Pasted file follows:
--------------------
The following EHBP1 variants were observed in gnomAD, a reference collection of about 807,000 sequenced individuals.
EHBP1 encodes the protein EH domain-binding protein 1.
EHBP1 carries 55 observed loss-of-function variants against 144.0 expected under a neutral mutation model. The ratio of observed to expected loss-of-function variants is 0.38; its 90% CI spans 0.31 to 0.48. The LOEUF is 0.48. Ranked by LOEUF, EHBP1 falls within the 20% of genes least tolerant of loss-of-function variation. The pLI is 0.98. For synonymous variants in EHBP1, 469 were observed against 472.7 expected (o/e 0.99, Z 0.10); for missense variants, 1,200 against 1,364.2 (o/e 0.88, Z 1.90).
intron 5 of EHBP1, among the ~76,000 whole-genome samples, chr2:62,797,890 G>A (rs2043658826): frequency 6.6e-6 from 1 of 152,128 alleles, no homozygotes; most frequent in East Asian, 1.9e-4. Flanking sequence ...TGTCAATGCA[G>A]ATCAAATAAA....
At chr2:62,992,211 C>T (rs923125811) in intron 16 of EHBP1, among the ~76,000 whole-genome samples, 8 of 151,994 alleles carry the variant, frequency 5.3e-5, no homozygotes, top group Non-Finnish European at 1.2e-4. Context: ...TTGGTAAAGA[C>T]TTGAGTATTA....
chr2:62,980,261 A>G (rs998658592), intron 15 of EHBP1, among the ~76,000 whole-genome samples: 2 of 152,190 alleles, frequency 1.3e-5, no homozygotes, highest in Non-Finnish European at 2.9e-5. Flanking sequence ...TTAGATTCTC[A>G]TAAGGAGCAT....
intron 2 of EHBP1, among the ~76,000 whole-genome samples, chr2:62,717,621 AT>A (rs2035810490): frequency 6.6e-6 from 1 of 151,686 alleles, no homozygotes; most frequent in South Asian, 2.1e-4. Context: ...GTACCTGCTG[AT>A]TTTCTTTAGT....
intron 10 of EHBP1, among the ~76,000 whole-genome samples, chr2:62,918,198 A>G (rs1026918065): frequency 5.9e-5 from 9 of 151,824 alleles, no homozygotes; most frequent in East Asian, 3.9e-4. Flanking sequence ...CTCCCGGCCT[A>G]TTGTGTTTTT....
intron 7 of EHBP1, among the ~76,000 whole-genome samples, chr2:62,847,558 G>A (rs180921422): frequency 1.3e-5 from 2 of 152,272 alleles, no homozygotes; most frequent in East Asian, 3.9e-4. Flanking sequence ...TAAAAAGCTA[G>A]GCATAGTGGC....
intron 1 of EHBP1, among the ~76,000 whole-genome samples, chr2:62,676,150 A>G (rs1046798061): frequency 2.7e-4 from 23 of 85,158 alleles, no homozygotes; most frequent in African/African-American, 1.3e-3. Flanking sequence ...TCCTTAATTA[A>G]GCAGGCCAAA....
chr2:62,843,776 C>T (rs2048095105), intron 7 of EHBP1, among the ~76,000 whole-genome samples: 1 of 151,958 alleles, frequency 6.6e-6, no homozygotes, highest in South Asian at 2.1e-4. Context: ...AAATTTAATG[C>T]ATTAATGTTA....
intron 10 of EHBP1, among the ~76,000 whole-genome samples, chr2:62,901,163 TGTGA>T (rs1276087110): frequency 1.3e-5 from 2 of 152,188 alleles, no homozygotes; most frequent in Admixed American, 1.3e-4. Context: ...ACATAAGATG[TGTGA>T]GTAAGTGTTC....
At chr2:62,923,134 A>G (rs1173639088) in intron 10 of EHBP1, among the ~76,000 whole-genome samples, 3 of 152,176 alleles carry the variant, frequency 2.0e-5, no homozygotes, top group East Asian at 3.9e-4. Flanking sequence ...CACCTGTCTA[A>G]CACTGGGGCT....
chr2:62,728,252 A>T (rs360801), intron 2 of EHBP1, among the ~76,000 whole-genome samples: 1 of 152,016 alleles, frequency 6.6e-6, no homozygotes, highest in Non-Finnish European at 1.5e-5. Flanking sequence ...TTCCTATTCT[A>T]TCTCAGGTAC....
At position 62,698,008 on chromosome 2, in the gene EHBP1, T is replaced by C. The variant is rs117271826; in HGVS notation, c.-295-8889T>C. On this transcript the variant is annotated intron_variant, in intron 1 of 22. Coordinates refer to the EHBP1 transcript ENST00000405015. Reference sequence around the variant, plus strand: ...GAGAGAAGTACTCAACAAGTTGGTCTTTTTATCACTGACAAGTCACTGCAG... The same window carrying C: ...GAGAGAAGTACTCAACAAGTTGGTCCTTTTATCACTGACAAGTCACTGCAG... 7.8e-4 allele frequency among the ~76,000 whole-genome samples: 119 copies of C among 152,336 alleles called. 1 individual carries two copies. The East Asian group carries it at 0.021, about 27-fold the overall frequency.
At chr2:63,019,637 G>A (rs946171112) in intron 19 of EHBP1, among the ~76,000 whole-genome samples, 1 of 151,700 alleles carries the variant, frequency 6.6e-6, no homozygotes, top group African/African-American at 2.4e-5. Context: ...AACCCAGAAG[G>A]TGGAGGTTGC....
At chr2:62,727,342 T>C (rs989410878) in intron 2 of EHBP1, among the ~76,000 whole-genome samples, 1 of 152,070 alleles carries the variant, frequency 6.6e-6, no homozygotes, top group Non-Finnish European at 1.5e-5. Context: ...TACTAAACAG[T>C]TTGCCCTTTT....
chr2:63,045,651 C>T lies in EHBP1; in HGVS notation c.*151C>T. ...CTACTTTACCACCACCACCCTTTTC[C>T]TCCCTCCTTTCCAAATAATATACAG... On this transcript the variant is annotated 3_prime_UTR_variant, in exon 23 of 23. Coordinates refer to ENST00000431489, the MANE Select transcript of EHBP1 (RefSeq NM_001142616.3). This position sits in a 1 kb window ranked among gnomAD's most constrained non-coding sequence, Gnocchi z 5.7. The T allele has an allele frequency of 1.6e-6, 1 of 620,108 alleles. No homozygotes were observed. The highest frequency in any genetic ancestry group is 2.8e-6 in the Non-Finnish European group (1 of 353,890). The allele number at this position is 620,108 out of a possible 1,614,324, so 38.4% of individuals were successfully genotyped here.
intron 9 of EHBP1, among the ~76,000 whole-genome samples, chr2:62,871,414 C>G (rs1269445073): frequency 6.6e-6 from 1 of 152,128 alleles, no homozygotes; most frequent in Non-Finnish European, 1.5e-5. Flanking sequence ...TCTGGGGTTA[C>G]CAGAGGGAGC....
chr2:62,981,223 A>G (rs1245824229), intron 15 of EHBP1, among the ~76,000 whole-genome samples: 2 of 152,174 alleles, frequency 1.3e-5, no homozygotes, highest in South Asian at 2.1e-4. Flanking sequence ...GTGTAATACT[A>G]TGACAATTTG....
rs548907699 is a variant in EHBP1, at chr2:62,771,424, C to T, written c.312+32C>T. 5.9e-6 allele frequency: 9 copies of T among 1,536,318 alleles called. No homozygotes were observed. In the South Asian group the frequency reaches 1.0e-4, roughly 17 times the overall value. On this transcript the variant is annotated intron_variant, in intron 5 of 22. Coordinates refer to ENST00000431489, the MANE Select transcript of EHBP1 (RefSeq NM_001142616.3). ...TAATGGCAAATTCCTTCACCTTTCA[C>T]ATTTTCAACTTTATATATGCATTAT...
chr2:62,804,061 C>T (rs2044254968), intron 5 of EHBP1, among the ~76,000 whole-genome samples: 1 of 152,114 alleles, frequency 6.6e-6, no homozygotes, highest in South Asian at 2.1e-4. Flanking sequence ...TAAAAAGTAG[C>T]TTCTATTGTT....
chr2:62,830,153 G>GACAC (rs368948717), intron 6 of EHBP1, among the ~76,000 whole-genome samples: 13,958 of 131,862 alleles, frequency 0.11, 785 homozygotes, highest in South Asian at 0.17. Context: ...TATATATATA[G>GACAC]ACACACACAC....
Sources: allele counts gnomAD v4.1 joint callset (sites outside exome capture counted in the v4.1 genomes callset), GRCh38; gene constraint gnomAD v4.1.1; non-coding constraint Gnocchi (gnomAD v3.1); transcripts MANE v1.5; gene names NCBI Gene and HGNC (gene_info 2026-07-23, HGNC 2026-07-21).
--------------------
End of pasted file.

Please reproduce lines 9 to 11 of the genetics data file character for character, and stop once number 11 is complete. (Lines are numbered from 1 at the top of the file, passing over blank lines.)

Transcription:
intron 7 of EHBP1, among the ~76,000 whole-genome samples, chr2:62,847,558 G>A (rs180921422): frequency 1.3e-5 from 2 of 152,272 alleles, no homozygotes; most frequent in East Asian, 3.9e-4. Flanking sequence ...TAAAAAGCTA[G>A]GCATAGTGGC....
intron 1 of EHBP1, among the ~76,000 whole-genome samples, chr2:62,676,150 A>G (rs1046798061): frequency 2.7e-4 from 23 of 85,158 alleles, no homozygotes; most frequent in African/African-American, 1.3e-3. Flanking sequence ...TCCTTAATTA[A>G]GCAGGCCAAA....
chr2:62,843,776 C>T (rs2048095105), intron 7 of EHBP1, among the ~76,000 whole-genome samples: 1 of 151,958 alleles, frequency 6.6e-6, no homozygotes, highest in South Asian at 2.1e-4. Context: ...AAATTTAATG[C>T]ATTAATGTTA....